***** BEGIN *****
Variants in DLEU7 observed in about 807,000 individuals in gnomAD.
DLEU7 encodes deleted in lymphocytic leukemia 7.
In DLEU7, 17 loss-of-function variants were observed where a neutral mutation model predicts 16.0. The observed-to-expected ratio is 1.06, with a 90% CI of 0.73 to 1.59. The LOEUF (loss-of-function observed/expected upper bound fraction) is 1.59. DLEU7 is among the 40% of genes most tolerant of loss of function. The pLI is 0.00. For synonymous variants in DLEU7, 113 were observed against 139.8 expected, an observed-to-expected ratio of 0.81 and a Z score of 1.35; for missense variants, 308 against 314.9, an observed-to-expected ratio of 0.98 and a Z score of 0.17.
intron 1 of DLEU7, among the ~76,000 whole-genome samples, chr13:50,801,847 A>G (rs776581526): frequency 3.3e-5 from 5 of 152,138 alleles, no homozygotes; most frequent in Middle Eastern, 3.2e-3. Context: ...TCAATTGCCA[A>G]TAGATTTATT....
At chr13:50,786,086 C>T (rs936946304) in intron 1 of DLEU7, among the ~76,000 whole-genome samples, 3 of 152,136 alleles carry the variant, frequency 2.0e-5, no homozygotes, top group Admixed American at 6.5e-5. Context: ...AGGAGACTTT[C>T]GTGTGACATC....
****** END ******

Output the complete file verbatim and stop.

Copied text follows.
Variants in DLEU7 observed in about 807,000 individuals in gnomAD.
DLEU7 encodes deleted in lymphocytic leukemia 7.
In DLEU7, 17 loss-of-function variants were observed where a neutral mutation model predicts 16.0. The observed-to-expected ratio is 1.06, with a 90% CI of 0.73 to 1.59. The LOEUF (loss-of-function observed/expected upper bound fraction) is 1.59. DLEU7 is among the 40% of genes most tolerant of loss of function. The pLI is 0.00. For synonymous variants in DLEU7, 113 were observed against 139.8 expected, an observed-to-expected ratio of 0.81 and a Z score of 1.35; for missense variants, 308 against 314.9, an observed-to-expected ratio of 0.98 and a Z score of 0.17.
intron 1 of DLEU7, among the ~76,000 whole-genome samples, chr13:50,801,847 A>G (rs776581526): frequency 3.3e-5 from 5 of 152,138 alleles, no homozygotes; most frequent in Middle Eastern, 3.2e-3. Context: ...TCAATTGCCA[A>G]TAGATTTATT....
At chr13:50,786,086 C>T (rs936946304) in intron 1 of DLEU7, among the ~76,000 whole-genome samples, 3 of 152,136 alleles carry the variant, frequency 2.0e-5, no homozygotes, top group Admixed American at 6.5e-5. Context: ...AGGAGACTTT[C>T]GTGTGACATC....